The Federal Trade Commission has charged a group of Colorado-based mortgage brokers with violating federal laws by deceptively claiming they will refinance consumers’ mortgages at the lowest rates available at no cost to the consumer.

The FTC alleges that instead of receiving a low-rate mortgage, many consumers have been stuck with high-interest-rate loans, had liens placed on their property, incurred damage to their credit ratings and in some cases faced the beginning of foreclosure proceedings. At the FTC’s request, a U.S. district court judge has issued a temporary restraining order barring the defendants’ alleged illegal business practices and freezing their assets.

According to the FTC’s complaint, a group of corporate and individual defendants sometimes known as PWR Processing Inc., have run ads in newspapers in several states including California and Colorado, as well as on their Web site, claiming “Free 10, 15, 20, 25, or 30-year fixed” mortgages at “today’s rate” with “no costs – no kidding.” The FTC alleges that consumers who contacted the defendants received additional oral and written claims, including “nothing else can or will be added to the loan amount…” and “all closing costs to be paid from the broker rebate.”

The FTC’s complaint states the defendants tell consumers that to get a “no-fee” loan, they will need to go through a process of multiple refinances, which involves applying for two or more loans, one at a competitive rate and one at a higher-than-market rate. The defendants allegedly claim that lenders on the higher-than-market-rate loans will pay a premium to the mortgage broker and that those payments will be used to pay the fees associated with the low-interest loans. The defendants also allegedly tell consumers that the low-interest loan then will be used to pay off the higher-interest loan, leaving the consumer with a no-fee, low-interest loan.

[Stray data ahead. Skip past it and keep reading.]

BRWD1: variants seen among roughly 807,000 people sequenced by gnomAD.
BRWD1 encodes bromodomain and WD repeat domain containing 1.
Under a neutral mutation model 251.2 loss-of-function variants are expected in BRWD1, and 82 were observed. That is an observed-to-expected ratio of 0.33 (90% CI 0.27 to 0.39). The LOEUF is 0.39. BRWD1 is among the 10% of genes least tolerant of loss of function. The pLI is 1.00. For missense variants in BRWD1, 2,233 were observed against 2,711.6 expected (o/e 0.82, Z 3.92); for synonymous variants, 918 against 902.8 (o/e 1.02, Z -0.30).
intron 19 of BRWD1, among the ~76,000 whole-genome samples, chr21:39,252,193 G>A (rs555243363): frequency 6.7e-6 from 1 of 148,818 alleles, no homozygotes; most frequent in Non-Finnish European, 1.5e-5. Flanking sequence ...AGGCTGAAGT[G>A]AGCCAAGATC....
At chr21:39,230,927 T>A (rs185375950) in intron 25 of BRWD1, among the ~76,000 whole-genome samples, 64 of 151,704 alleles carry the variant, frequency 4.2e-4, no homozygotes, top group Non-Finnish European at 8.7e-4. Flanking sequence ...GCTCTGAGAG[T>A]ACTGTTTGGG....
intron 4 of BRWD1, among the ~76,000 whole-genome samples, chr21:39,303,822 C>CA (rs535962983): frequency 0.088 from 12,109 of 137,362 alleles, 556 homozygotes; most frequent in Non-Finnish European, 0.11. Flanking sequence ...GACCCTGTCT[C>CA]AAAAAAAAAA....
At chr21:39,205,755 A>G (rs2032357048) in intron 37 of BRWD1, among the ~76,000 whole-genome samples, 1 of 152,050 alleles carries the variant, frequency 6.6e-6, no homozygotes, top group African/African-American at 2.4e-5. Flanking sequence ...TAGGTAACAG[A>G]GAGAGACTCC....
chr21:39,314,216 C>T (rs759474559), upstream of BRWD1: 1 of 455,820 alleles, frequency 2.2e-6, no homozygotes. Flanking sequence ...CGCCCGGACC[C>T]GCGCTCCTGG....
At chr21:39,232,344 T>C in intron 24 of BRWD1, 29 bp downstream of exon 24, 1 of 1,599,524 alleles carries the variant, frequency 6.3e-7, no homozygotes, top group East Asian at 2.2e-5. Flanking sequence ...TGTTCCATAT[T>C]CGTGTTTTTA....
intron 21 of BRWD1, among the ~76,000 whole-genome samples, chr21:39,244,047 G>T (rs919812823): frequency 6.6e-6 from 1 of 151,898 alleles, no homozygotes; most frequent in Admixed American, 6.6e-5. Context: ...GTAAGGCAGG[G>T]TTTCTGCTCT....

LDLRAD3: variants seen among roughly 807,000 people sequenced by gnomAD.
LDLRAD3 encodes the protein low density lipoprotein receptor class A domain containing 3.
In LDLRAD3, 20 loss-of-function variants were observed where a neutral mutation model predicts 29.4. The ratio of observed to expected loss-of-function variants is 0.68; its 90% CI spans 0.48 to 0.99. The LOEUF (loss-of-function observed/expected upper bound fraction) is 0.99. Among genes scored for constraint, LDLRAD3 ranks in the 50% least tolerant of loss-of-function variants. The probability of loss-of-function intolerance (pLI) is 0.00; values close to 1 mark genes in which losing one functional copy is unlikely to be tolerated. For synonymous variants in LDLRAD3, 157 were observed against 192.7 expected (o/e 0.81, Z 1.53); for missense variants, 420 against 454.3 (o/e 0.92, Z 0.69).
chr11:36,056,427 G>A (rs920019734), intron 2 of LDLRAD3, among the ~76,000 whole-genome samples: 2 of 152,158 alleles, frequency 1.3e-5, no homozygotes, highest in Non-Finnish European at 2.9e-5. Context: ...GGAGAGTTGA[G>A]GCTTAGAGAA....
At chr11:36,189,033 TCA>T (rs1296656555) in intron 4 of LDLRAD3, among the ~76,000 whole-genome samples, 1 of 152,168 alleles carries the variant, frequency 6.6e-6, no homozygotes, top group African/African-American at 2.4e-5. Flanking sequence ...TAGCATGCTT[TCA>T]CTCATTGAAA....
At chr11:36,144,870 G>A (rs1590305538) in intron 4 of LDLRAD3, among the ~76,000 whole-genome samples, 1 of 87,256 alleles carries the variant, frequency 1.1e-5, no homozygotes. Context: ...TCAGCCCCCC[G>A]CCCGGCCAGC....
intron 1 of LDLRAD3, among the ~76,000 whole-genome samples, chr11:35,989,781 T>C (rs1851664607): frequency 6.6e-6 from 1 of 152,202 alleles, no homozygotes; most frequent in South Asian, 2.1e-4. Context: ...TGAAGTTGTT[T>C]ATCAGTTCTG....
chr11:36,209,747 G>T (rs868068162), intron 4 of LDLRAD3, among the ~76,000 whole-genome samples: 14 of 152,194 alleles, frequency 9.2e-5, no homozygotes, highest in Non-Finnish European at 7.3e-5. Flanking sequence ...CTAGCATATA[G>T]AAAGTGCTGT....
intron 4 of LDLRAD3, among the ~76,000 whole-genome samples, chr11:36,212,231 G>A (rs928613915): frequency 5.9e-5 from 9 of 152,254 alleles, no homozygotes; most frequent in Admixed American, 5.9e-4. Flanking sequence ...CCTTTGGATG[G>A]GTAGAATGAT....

The FTC charges that, instead of giving consumers “no-fee,” low-interest home mortgages, the defendants have left consumers with high-interest loans, sometimes at rates higher than the loans they sought to refinance. The FTC also alleges the defendants did not pay appraisal and other fees, leaving appraisers free to file liens on the properties they appraised. Additionally, many consumers, believing they did not have to make payments on their higher-interest loans, have allegedly found the loans appear as delinquencies on their credit reports, damaging their credit rating. The FTC also charges the defendants falsely claim that they are licensed as mortgage loan brokers in the state of California.

The FTC’s complaint names Phillip W. Ranney; Armor Mortgage; Abacus Mortgage; Community Homebanc Mortgage Services Inc.; Harbor Pacific Funding Inc.; High Center Inc.; Lending Strategies of Colorado Inc.; Lite Realty Corp.; PWR Processing Inc., dba First Source America Mortgage Corp. dba NexLoan; PWR Press Inc.; and Source Funding Company, Colorado corporations; Kace, LLC dba Aristocrat Mortgage, a Colorado limited liability company; and Mortgage Watch, a California corporation, as defendants, and Kathleen A. Ranney as a relief defendant.

The FTC files a complaint when it has “reason to believe” that the law has been or is being violated, and it appears to the commission that a proceeding is in the public interest. The complaint is not a finding or ruling that the defendant has actually violated the law. A court will decide the case.


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